At each of Drunken Fish's upscale restaurants, chefs create traditional and specialty sushi, along with stir-frys and other Japanese entrees. Fresh tuna nigiri and 10 oz Teriyaki glazed strip steak make for tasty pairings with signature cocktails, such as the Madame Butterfly with raspberry vodka, mango puree, and pineapple juice. Drunken Fish has three convenient locations within St. Louis, each featuring modern decor.
To the Japanese, the words “sama zama” mean “variety.” But to a food critic from the Pitch, the unfamiliar phrase has become synonymous with “serious snacks.” That’s how she described the fare at Sama Zama, an eatery run by One Bite Japanese Grill's owner, Erika Koike. Perhaps the most intriguing of Erika's family recipes and culinary experiments is the okonomi yaki, a savory pancake often dubbed Japanese-style pizza. It consists of grilled dough crowned with the meat or veggies of your choice, a fried egg, sweet sauces, and crunchy noodles.
Exposed brick juts out from an orange accent wall in Sama Zama's Tokyo-inspired interior, which is splashed with circles and triangles that appear to move of their own volition under the light cast by bare bulbs and the baby suns tethered to the ceiling.
Featured on Food Network’s Heat Seekers for its fiery pad thai chicken, Zagat-rated Thai Place Restaurant has been bathing traditional family recipes in spices ranging from mild to sweltering hot for more than two decades. A kaleidoscope of succulent seafood such as squid, scallops, and catfish spangle fried-rice and stir-fried dishes as ribbons of rice noodles interlace with traditional napa cabbage, chinese broccoli, and bok choy. Coconut-milk-infused curries come in red, yellow, and green varieties like a traffic light on a spice trade route, suffusing ample slices of chicken, beef, or tofu.
At New Peking, chefs trained in China, Taiwan, and Hong Kong build an extensive menu of traditional dishes to represent the diverse cuisines. In addition to classic favorites such as sesame chicken or sweet-and-sour pork, the kitchen also broadens its approach with specialties incorporating Thai and Korean influences.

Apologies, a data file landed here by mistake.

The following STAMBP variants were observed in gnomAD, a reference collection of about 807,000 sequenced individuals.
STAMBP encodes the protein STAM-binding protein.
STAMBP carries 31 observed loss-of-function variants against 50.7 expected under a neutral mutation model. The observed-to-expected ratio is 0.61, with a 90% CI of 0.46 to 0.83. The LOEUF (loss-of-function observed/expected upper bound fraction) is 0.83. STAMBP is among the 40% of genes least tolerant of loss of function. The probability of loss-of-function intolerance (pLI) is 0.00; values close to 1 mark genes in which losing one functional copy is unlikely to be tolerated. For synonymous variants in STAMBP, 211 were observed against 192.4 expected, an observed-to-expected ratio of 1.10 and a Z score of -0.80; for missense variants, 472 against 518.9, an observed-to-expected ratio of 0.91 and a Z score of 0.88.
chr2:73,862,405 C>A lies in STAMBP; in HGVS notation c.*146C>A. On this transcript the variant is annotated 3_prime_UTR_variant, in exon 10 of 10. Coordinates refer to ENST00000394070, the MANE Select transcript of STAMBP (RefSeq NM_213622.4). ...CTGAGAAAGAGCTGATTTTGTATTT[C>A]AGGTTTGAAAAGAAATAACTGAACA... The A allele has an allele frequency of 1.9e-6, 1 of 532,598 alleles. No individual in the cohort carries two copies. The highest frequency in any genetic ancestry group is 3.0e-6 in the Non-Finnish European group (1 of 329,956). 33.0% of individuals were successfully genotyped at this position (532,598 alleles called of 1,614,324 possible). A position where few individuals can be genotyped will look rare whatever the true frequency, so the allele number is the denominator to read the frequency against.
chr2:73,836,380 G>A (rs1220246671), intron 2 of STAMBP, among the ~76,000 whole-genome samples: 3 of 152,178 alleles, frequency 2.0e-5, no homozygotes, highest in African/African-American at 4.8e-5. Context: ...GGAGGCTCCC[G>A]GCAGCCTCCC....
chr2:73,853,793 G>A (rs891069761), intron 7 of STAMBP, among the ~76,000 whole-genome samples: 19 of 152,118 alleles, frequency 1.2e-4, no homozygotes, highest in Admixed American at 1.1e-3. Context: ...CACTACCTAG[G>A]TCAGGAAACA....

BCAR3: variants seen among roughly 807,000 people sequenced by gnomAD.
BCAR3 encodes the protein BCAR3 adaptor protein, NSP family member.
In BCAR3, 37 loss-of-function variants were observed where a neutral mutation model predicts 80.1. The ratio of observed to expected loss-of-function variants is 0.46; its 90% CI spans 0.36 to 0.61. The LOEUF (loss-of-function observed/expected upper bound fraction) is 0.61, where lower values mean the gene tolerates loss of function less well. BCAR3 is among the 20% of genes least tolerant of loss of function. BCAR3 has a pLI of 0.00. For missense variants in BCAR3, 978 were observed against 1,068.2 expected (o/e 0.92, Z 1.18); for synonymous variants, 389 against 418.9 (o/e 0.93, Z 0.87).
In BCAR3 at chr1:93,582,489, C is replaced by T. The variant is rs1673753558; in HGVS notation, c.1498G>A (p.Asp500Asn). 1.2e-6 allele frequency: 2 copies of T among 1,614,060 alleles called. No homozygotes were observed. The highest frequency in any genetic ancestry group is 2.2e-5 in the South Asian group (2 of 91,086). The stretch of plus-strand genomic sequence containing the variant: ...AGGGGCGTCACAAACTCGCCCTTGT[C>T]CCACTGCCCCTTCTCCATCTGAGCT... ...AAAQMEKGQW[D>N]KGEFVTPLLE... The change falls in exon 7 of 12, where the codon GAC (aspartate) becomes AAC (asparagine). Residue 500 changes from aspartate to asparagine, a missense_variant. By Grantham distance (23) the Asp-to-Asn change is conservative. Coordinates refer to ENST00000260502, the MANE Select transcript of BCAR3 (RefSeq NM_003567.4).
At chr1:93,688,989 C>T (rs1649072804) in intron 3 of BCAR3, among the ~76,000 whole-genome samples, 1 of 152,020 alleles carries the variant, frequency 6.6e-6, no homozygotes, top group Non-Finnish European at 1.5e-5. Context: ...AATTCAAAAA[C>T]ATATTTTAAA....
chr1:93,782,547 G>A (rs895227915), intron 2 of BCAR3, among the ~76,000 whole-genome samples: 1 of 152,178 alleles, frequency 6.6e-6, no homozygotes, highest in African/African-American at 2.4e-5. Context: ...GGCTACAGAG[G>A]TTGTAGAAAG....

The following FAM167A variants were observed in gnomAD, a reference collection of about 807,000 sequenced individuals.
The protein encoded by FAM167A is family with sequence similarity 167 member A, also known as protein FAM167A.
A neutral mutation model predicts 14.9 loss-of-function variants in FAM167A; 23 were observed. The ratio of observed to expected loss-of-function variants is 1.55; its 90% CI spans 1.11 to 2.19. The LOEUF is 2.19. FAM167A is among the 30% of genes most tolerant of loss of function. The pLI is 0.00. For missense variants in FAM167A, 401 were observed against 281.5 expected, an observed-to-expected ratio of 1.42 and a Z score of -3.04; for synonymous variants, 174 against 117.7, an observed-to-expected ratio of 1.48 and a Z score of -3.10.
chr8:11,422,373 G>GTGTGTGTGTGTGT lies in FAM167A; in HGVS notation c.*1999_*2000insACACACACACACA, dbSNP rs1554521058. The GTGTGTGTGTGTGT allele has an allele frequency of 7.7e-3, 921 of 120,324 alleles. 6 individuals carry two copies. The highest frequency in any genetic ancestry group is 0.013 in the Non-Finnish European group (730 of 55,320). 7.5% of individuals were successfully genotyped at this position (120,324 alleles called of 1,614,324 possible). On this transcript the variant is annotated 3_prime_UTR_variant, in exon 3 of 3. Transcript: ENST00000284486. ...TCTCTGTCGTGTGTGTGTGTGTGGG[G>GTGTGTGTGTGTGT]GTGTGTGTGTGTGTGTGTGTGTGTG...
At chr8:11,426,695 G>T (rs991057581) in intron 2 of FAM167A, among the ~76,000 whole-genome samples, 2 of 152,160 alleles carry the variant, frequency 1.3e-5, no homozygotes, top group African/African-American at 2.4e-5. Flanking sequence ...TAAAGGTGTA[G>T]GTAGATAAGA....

A three-course duck meal leads taste buds through a trio of Chinese standbys, beginning with tender peking duck, then duck with bean sprouts, and finally a light duck soup that refuses to be pigeonholed into a traditional first-course role. Diners sample flavors of the sea with orange roughy or the schools of scallops, shrimp, and abalone collected in a crispy Bird Nest Triple Delight noodle bowl.
Within Blue Yuu’s kitchen, chefs harmonize influences from Japanese, Chinese, Thai, and Korean cuisine. Sushi chefs wrap rice and fresh fish with sheets of nori as servers deliver sizzling iron plates of Szechuan-style seafood and black pepper beef. Hot stoneware cossets bibimbaps, which consist of vegetables, kimchi, egg, and hot sauce. Dulcet sauces coat Chinese dishes such as mango chicken and General Tso’s chicken, and provide contrast to fiery Thai curries.
Friends and families visiting KC Sushi find a cure for the landlocked blues in the restaurant’s sushi rolls, teriyaki dishes, and other specialties from the island nation of Japan. While waiting for their meals to arrive, diners can feast their eyes on the back wall’s mural of snow-capped mountains, or investigate the sushi bar, where chefs do one-finger pushups before they roll sushi with their dexterous digits. With the recent addition of larger tables, small and big groups alike can savor artfully designed sushi rolls, spicy crab salads, and steak teriyaki made fresh in-house.